Florence: Thank you, Anne, it’s nice to be here. Thank you for having this organization, it’s something I wish I’d had 45 years ago.

Anne: Florence, I wanted to ask you, over the years, how has it change? How did you relate to it, say in your 30s or 40s or 50s? Did you try different things?

Florence: I have engaged several processes in trying to figure what was going on. I think this is, probably, one of the most challenging issues that a spouse can be called upon to deal with. I tell my husband, and everybody I know, that I’m everything I am today because of him, because I had to survive.

How Trauma Effects Functioning

Anne: How old were you, when you and your husband married?

Florence: I’ve been married forty-four years. I was introduced to his illness, but I didn’t know it was an illness, three days after we were married.

Anne: You were about 30 at the time?

Florence: Yes, in my early 30s. My first reaction was devastation and fear. Back in those days, women didn’t have the same options that they do today. I had just moved my two daughters and myself to a new location, where I had no friends and no associates and very little opportunity to find gainful employment to support myself. In doing so, I had cut off any support systems that I might’ve had, and I was really on my own.

Anne: Were you married before this?

Florence: I was.

Anne: You had children?

Florence: I was, I had two—

Anne: Okay, so you had two daughters coming into this marriage.

Betrayal Is A Form Of Abuse

Florence: They were five and eight. I went very deep into a place of trying to comprehend. I didn’t call myself a spiritual person at that time in my life. I did not have a religious persuasion, and I found myself searching. In order to do that, I did what I think a lot of people do, from what I’ve read, is that they explore with their spouse, trying to figure out what it is that their spouse is looking for and needing. Of course, that leads one into, probably, the darkest places on earth, because it’s a world of debauchery.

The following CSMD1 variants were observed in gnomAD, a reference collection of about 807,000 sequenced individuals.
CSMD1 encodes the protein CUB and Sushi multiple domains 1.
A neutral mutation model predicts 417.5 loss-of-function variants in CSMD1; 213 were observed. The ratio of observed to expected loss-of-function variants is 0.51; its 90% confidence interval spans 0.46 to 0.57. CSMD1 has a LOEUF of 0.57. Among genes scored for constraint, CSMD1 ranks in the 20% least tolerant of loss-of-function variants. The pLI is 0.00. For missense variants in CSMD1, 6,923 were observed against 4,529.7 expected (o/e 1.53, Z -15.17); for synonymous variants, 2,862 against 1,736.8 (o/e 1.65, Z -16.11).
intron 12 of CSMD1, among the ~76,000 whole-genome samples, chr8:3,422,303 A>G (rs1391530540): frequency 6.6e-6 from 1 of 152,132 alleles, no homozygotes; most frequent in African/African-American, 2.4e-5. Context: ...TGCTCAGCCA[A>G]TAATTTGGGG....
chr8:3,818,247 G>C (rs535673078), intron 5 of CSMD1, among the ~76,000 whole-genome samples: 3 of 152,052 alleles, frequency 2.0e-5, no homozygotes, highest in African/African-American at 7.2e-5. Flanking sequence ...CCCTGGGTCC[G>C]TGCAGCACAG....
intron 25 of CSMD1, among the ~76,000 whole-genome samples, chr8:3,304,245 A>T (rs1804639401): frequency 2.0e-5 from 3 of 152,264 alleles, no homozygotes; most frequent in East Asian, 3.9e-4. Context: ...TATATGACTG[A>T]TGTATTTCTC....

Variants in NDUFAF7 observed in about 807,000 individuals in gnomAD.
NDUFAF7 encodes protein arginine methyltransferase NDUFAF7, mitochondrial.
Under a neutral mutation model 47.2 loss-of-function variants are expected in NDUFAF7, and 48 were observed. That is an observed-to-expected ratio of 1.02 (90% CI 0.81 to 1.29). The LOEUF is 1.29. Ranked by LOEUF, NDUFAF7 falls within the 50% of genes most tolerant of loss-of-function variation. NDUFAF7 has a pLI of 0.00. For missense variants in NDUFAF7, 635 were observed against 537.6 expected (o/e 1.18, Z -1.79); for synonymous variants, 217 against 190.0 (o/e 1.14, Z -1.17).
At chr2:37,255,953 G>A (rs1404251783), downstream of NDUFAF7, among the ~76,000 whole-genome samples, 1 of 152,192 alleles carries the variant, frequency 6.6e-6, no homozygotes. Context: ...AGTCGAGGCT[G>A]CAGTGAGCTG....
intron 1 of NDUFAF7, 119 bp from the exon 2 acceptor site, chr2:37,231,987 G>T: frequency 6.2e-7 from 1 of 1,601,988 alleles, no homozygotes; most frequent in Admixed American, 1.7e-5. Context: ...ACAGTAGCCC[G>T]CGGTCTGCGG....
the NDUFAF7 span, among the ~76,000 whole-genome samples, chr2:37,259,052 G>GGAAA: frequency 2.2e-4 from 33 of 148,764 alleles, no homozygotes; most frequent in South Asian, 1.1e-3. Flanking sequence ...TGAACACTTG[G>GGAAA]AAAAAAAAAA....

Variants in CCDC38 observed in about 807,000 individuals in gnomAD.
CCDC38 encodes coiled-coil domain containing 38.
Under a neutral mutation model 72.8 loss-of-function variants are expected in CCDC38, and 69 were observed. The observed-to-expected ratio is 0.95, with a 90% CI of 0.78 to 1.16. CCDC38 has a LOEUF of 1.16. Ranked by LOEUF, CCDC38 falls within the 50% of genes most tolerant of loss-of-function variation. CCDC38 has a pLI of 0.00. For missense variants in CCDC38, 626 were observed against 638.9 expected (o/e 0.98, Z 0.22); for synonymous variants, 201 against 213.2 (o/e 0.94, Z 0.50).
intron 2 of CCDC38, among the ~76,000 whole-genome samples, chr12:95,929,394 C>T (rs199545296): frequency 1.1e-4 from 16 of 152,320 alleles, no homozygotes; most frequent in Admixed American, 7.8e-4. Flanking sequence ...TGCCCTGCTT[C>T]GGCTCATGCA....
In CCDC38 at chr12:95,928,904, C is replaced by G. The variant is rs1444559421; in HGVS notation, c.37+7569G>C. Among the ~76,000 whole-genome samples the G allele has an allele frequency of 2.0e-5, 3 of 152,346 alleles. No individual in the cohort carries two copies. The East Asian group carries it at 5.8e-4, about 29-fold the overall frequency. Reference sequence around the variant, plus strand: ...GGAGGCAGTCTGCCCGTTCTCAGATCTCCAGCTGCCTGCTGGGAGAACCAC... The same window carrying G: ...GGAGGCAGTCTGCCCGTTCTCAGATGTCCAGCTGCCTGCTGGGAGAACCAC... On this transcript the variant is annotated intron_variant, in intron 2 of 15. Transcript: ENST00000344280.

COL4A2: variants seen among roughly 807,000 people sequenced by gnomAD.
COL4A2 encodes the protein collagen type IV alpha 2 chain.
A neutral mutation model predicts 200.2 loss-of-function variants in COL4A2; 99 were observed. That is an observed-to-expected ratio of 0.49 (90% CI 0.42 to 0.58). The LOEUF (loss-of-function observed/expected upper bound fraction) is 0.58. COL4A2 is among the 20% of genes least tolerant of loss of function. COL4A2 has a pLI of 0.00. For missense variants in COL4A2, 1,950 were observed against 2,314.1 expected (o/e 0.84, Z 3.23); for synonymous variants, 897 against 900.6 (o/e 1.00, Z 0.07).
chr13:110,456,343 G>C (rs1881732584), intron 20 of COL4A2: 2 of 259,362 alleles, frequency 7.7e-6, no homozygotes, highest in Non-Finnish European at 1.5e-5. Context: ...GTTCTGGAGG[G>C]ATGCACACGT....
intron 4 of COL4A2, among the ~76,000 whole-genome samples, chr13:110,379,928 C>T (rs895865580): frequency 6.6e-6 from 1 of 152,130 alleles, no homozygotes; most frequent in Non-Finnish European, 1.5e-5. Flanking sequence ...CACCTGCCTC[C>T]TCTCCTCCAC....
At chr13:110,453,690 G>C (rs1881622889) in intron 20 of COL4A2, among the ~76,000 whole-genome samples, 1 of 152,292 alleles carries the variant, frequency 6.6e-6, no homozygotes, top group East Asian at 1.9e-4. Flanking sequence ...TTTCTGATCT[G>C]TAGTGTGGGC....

It didn’t take me long to figure out that that was not for me. I had to make a heartfelt decision and tell my husband that I could not live that kind of life with freedom of sex with other people and going to nudist camps and pornographic exhibitions. It was just not the right thing for me at all. It hurt my heart, it didn’t help my heart. He apologized and swore that he would never make those bad choices again, and we started over. Until the next time.

By the next time, I became aware of his activities, I knew enough to go for help. We both went through a lot of counseling. He was identified as a sex addict. That being said, there were not the organizations that there are today, like the SLAA, 12-Step programs. He went through a lot of one-on-one counseling, but it came trailing back in.

What Is The Abusive Cycle?

The problem was, I didn’t realize that he had regressed back to those activities. I only was experiencing the negative behavior and the abuse, which, after 20, 25, 30 years of marriage, you get to the point where you do your own thing, you make the best of it, and if somebody wants to be a damn fool and act like a child, let them be a damn fool and act like a damn child. You just can’t let your life be run by that, you know.